Pandemics/history , Plague/history , Quarantine/history , Communicable Disease Control/history , Disease Outbreaks/history , History, 15th Century , History, 16th Century , History, 17th Century , History, 18th Century , History, 19th Century , History, 20th Century , History, Medieval , Humans
5.
Proc Natl Acad Sci U S A ; 117(44): 27703-27711, 2020 11 03.
Article in English | MEDLINE | ID: covidwho-880729

ABSTRACT

Historical records reveal the temporal patterns of a sequence of plague epidemics in London, United Kingdom, from the 14th to 17th centuries. Analysis of these records shows that later epidemics spread significantly faster ("accelerated"). Between the Black Death of 1348 and the later epidemics that culminated with the Great Plague of 1665, we estimate that the epidemic growth rate increased fourfold. Currently available data do not provide enough information to infer the mode of plague transmission in any given epidemic; nevertheless, order-of-magnitude estimates of epidemic parameters suggest that the observed slow growth rates in the 14th century are inconsistent with direct (pneumonic) transmission. We discuss the potential roles of demographic and ecological factors, such as climate change or human or rat population density, in driving the observed acceleration.


Subject(s)
Pandemics/history , Plague/epidemiology , Plague/history , Animals , History, 15th Century , History, 16th Century , History, 17th Century , History, Medieval , Humans , London , Plague/transmission , Population Density , Rats
8.
Postgrad Med J ; 96(1140): 633-638, 2020 Oct.
Article in English | MEDLINE | ID: covidwho-751465

ABSTRACT

After the dramatic coronavirus outbreak at the end of 2019 in Wuhan, Hubei province, China, on 11 March 2020, a pandemic was declared by the WHO. Most countries worldwide imposed a quarantine or lockdown to their citizens, in an attempt to prevent uncontrolled infection from spreading. Historically, quarantine is the 40-day period of forced isolation to prevent the spread of an infectious disease. In this educational paper, a historical overview from the sacred temples of ancient Greece-the cradle of medicine-to modern hospitals, along with the conceive of healthcare systems, is provided. A few foods for thought as to the conflict between ethics in medicine and shortage of personnel and financial resources in the coronavirus disease 2019 era are offered as well.


Subject(s)
Coronavirus Infections/epidemiology , Ethics, Medical/history , Health Care Rationing/ethics , Hospitals/history , Pandemics/history , Pneumonia, Viral/epidemiology , Quarantine/history , Betacoronavirus , Cholera/epidemiology , Cholera/history , Health Workforce , Hippocratic Oath , History, 15th Century , History, 16th Century , History, 17th Century , History, 18th Century , History, 19th Century , History, 20th Century , History, 21st Century , History, Ancient , History, Medieval , Humans , Leprosy/epidemiology , Leprosy/history , Plague/epidemiology , Plague/history , Resource Allocation , United States/epidemiology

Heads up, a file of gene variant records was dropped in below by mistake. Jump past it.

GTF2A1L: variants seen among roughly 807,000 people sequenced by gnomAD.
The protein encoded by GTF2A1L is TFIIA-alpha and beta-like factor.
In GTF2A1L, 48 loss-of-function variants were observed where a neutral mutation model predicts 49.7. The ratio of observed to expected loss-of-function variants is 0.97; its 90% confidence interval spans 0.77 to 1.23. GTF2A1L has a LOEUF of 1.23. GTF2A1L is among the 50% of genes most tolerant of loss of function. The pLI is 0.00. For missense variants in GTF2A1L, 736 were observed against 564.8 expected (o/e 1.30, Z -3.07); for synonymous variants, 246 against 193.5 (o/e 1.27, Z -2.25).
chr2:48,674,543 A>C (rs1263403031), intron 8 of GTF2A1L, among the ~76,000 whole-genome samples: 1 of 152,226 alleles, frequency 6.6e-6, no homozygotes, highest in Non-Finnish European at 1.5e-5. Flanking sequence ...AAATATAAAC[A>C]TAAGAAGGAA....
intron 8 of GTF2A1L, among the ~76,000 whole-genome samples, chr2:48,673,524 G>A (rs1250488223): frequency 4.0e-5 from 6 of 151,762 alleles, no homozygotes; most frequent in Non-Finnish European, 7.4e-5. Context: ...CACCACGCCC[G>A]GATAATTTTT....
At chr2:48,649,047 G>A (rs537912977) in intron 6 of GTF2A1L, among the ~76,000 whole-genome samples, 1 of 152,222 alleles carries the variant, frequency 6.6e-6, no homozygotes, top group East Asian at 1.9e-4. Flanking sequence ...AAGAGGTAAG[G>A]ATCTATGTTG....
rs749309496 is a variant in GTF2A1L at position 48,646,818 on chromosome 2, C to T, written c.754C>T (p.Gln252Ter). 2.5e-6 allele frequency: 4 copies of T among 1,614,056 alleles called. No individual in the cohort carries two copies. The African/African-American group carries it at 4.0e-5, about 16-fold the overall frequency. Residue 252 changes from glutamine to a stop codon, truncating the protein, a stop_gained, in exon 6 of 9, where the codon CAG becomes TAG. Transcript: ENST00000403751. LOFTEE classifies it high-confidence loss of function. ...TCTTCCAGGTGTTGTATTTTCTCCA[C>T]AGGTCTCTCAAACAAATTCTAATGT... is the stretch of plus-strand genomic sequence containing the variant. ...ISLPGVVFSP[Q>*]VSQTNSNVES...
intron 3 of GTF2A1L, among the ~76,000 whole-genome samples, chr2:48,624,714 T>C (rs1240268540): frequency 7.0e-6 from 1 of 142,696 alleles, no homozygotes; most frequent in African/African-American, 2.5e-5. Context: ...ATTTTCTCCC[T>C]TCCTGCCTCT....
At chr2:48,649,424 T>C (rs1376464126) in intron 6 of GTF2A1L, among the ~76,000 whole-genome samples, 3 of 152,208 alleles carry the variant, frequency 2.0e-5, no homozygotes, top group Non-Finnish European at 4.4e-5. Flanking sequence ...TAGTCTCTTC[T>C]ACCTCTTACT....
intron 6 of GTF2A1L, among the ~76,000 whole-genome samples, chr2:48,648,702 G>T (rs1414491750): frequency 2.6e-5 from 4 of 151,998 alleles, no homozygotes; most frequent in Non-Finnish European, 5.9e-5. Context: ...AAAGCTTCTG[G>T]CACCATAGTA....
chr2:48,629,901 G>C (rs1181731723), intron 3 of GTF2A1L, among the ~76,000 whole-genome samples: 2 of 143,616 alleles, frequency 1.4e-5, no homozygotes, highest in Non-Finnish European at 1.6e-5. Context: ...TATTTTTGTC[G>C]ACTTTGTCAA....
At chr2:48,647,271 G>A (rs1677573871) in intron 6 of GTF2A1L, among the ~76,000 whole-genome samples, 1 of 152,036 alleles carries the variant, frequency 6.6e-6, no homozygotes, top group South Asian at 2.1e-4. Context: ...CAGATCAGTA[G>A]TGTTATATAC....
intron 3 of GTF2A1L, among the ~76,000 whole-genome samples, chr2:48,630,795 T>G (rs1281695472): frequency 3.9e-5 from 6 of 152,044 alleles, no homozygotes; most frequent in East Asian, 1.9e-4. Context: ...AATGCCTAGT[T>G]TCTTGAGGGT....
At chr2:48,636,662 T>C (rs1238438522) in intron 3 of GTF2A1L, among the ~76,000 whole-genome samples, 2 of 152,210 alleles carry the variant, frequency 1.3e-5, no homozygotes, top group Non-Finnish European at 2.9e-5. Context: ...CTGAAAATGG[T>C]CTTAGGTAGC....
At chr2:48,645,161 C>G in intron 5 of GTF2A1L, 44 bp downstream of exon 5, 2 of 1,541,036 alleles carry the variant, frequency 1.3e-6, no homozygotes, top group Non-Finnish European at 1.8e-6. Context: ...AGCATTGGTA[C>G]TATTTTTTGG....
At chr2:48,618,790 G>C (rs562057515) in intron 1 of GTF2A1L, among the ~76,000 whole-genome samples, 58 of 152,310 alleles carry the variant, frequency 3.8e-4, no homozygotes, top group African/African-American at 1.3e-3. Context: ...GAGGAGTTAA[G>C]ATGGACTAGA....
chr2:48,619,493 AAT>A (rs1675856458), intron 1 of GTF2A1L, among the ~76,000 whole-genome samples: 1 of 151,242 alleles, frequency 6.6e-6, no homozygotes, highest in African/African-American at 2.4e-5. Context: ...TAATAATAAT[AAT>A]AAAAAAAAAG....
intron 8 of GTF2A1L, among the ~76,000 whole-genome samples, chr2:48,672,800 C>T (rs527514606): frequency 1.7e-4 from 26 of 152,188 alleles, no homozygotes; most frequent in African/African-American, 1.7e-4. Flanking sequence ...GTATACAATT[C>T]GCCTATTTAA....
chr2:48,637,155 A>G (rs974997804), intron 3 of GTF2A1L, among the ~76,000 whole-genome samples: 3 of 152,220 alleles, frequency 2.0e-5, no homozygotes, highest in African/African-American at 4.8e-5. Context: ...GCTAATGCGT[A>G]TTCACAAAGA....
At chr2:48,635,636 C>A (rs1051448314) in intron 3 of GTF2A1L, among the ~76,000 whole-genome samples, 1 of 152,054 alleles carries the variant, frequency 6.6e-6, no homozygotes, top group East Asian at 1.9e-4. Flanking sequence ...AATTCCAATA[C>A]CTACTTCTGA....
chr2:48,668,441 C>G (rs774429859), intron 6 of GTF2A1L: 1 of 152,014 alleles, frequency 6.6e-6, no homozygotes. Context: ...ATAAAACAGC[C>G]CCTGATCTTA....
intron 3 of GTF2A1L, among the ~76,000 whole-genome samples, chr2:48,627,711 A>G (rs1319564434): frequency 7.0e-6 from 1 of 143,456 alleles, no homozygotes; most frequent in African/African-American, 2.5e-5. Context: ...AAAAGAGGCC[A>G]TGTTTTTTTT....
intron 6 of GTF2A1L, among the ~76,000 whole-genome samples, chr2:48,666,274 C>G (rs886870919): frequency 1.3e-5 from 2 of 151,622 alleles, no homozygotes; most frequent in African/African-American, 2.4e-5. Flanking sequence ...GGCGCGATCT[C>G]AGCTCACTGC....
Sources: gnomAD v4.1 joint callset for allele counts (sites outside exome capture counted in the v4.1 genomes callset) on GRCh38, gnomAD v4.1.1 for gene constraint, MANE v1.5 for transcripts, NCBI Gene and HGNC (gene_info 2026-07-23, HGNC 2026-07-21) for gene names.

9.
Arch Iran Med ; 23(8): 578-581, 2020 08 01.
Article in English | MEDLINE | ID: covidwho-749392

ABSTRACT

In the past two centuries, several fatal infectious outbreaks have arisen in Iran. Presented here is a brief historical account of four fatal epidemics including cholera, plague, Spanish influenza of 1918 and smallpox between1796 and 1979. The lessons from these outbreaks could be helpful for better combatting other deadly epidemics including the present-day disastrous COVID-19 pandemic.


Subject(s)
Cholera/history , Communicable Disease Control/history , Epidemics/history , Influenza Pandemic, 1918-1919/history , Plague/history , Smallpox/history , Cholera/epidemiology , Cholera/prevention & control , Epidemics/prevention & control , History, 19th Century , History, 20th Century , Humans , Iran/epidemiology , Plague/epidemiology , Plague/prevention & control , Smallpox/epidemiology , Smallpox/prevention & control
10.
Med Health Care Philos ; 23(4): 603-609, 2020 Dec.
Article in English | MEDLINE | ID: covidwho-696732

ABSTRACT

The recent outbreak of the SARS-CoV-2 coronavirus is posing many different challenges to local communities, directly affected by the pandemic, and to the global community, trying to find how to respond to this threat in a larger scale. The history of the Eyam Plague, read in light of Ross Upshur's Four Principles for the Justification of Public Health Intervention, and of the Siracusa Principles on the Limitation and Derogation Provisions in the International Covenant on Civil and Political Rights, could provide useful guidance in navigating the complex ethical issues that arise when quarantine measures need to be put in place.


Subject(s)
Coronavirus Infections/prevention & control , Pandemics/prevention & control , Plague/history , Pneumonia, Viral/prevention & control , Quarantine/history , England/epidemiology , History, 17th Century , Humans , Infection Control/methods , London/epidemiology , Plague/prevention & control , Public Health/ethics , Quarantine/ethics